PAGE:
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Berlinger v. Kraft

March 17, 2009


Order, Supreme Court, New York County (Alice Schlesinger, J.), entered May 20, 2008, which, to the extent appealed from, in an action seeking damages for personal injuries arising out of purported medical malpractice, denied the motions of defendants Dr. Ronald Kraft, Cornell University, Dr. Scott Gerst and Lenox Hill Radiology and Medical Imaging Associates, P.C., for summary judgment dismissing the complaint as against them, unanimously modified on the law, to the extent of dismissing the complaint as against Dr. Ronald Kraft and Cornell University, and otherwise affirmed, without costs. The Clerk is directed to enter judgment accordingly.

Published by New York State Law Reporting Bureau pursuant to Judiciary Law § 431.

This opinion is uncorrected and subject to revision before publication in the Official Reports.

Tom, J.P., Moskowitz, Acosta, Freedman, JJ.


Plaintiff commenced this action to recover damages for personal injuries sustained in connection with the alleged unnecessary removal of two-thirds of his right lung due to a misdiagnosis of his condition. Specifically, the radiologist who interpreted a PET scan performed on plaintiff's chest found that plaintiff had a pulmonary lesion that was "most suspicious for primary lung carcinoma." However, an analysis of the lung tissue following the surgery disclosed that there was no cancer and that, as indicated by plaintiff's first CT scan, the lesion had been caused by an atypical mycobacterial infection, a condition that the radiologist admitted can look exactly like cancer.

A review of the expert affirmations submitted by the respective parties reveals that plaintiff's opposition to the motions for summary judgment submitted by the radiology defendants was sufficient to establish the existence of triable questions of fact (see Alvarez v Prospect Hosp., 68 NY2d 320, 324-325 [1986]). The evidence indicates that the radiologist's reading of the PET scan may have been misleading and that the surgeon, who was unfamiliar with the test, may have unduly relied upon it in electing to perform the surgery upon plaintiff. However, for the reasons stated below, a trier of fact could not reasonably conclude that the internist's alleged delay in referring plaintiff to a pulmonologist for a consultation was a contributing factor to the decision to perform the surgery.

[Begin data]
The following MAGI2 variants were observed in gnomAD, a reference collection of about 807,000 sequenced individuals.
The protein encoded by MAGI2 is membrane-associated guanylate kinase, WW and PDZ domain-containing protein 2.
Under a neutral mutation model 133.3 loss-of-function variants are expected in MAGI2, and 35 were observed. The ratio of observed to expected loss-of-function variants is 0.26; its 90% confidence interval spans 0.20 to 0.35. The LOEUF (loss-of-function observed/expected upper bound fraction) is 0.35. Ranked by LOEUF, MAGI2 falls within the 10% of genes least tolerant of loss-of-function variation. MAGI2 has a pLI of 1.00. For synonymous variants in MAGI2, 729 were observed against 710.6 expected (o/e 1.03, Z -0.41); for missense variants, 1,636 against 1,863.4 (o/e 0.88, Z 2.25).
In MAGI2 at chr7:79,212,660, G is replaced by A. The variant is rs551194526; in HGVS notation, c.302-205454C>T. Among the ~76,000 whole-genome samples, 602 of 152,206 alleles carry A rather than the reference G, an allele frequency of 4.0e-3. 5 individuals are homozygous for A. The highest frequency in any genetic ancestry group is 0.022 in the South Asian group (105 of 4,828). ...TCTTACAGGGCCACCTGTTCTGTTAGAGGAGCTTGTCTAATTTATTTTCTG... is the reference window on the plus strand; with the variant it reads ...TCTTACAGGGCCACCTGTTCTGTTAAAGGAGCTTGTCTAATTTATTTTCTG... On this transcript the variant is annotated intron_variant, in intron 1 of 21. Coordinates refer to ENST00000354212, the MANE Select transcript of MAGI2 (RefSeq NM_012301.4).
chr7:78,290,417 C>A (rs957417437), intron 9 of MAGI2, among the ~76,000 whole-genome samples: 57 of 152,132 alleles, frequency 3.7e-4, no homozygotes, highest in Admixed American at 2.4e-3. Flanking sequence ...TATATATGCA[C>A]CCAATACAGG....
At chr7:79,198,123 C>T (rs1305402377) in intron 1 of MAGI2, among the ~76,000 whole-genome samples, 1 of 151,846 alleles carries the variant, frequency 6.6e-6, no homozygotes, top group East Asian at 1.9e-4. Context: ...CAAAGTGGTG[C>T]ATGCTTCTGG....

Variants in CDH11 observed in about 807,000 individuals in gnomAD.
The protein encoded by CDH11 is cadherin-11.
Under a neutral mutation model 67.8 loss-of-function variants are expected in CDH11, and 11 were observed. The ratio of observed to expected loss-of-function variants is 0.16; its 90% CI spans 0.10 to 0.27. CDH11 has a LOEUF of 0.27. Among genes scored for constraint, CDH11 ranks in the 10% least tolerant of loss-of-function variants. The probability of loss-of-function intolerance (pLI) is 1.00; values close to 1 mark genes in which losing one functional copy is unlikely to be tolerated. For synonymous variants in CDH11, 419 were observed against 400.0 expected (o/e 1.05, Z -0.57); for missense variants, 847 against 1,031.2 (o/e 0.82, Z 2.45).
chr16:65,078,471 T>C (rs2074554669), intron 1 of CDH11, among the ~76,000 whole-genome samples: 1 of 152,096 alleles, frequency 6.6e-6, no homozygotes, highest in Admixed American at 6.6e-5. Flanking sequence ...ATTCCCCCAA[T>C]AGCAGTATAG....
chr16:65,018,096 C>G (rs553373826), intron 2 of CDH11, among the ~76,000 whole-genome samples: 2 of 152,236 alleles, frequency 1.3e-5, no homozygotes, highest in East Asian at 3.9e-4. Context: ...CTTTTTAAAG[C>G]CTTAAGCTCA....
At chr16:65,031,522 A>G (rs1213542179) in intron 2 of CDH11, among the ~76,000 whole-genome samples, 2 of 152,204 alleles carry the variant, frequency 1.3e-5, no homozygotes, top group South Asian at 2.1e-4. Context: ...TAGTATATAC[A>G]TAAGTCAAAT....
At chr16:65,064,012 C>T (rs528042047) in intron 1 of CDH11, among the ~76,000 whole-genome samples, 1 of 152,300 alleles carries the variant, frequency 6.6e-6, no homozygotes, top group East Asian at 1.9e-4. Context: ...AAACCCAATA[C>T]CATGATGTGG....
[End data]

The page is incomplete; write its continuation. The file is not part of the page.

Robert B. Kraft, the internist, examined plaintiff for the first time in August 2002, after he had been seen by an otolaryngologist. The latter had ordered a CT scan after plaintiff experienced a single incident of spitting blood a month earlier. The CT scan indicated that the incident of spitting blood (hemoptysis) may have been caused by an atypical mycobacterial infection. Based on that diagnosis, the radiologist who performed the CT scan recommended a follow-up CT scan in six months. At that time, plaintiff did not have any symptoms that the infection was progressing, such as fatigue or weight loss. He continued treatment with Dr. Kraft for various other unrelated conditions.